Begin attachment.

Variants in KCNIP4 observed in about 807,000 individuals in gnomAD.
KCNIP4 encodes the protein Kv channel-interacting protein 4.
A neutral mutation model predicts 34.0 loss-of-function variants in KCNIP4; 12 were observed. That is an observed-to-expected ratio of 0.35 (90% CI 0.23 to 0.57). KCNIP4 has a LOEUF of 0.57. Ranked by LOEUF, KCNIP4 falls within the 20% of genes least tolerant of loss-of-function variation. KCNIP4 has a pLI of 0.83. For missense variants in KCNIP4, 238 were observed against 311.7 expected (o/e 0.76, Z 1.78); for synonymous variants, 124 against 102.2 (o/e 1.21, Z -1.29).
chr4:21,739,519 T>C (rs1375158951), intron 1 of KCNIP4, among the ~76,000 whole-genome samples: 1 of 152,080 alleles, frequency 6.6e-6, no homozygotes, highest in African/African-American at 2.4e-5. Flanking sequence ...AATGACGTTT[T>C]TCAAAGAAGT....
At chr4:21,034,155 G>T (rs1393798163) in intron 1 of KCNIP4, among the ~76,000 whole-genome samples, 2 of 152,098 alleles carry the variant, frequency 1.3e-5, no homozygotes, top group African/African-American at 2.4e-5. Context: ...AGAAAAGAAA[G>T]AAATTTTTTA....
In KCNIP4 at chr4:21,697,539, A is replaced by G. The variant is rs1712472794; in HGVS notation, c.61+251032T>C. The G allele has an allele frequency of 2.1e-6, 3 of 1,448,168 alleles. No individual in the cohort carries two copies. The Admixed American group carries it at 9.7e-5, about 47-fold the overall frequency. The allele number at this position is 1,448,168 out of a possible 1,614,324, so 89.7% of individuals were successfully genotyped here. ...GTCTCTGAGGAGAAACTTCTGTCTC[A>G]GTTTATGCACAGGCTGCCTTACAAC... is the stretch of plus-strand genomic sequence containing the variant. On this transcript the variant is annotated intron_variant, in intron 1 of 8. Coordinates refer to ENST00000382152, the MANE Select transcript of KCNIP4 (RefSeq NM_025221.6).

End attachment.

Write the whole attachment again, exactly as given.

Variants in KCNIP4 observed in about 807,000 individuals in gnomAD.
KCNIP4 encodes the protein Kv channel-interacting protein 4.
A neutral mutation model predicts 34.0 loss-of-function variants in KCNIP4; 12 were observed. That is an observed-to-expected ratio of 0.35 (90% CI 0.23 to 0.57). KCNIP4 has a LOEUF of 0.57. Ranked by LOEUF, KCNIP4 falls within the 20% of genes least tolerant of loss-of-function variation. KCNIP4 has a pLI of 0.83. For missense variants in KCNIP4, 238 were observed against 311.7 expected (o/e 0.76, Z 1.78); for synonymous variants, 124 against 102.2 (o/e 1.21, Z -1.29).
chr4:21,739,519 T>C (rs1375158951), intron 1 of KCNIP4, among the ~76,000 whole-genome samples: 1 of 152,080 alleles, frequency 6.6e-6, no homozygotes, highest in African/African-American at 2.4e-5. Flanking sequence ...AATGACGTTT[T>C]TCAAAGAAGT....
At chr4:21,034,155 G>T (rs1393798163) in intron 1 of KCNIP4, among the ~76,000 whole-genome samples, 2 of 152,098 alleles carry the variant, frequency 1.3e-5, no homozygotes, top group African/African-American at 2.4e-5. Context: ...AGAAAAGAAA[G>T]AAATTTTTTA....
In KCNIP4 at chr4:21,697,539, A is replaced by G. The variant is rs1712472794; in HGVS notation, c.61+251032T>C. The G allele has an allele frequency of 2.1e-6, 3 of 1,448,168 alleles. No individual in the cohort carries two copies. The Admixed American group carries it at 9.7e-5, about 47-fold the overall frequency. The allele number at this position is 1,448,168 out of a possible 1,614,324, so 89.7% of individuals were successfully genotyped here. ...GTCTCTGAGGAGAAACTTCTGTCTC[A>G]GTTTATGCACAGGCTGCCTTACAAC... is the stretch of plus-strand genomic sequence containing the variant. On this transcript the variant is annotated intron_variant, in intron 1 of 8. Coordinates refer to ENST00000382152, the MANE Select transcript of KCNIP4 (RefSeq NM_025221.6).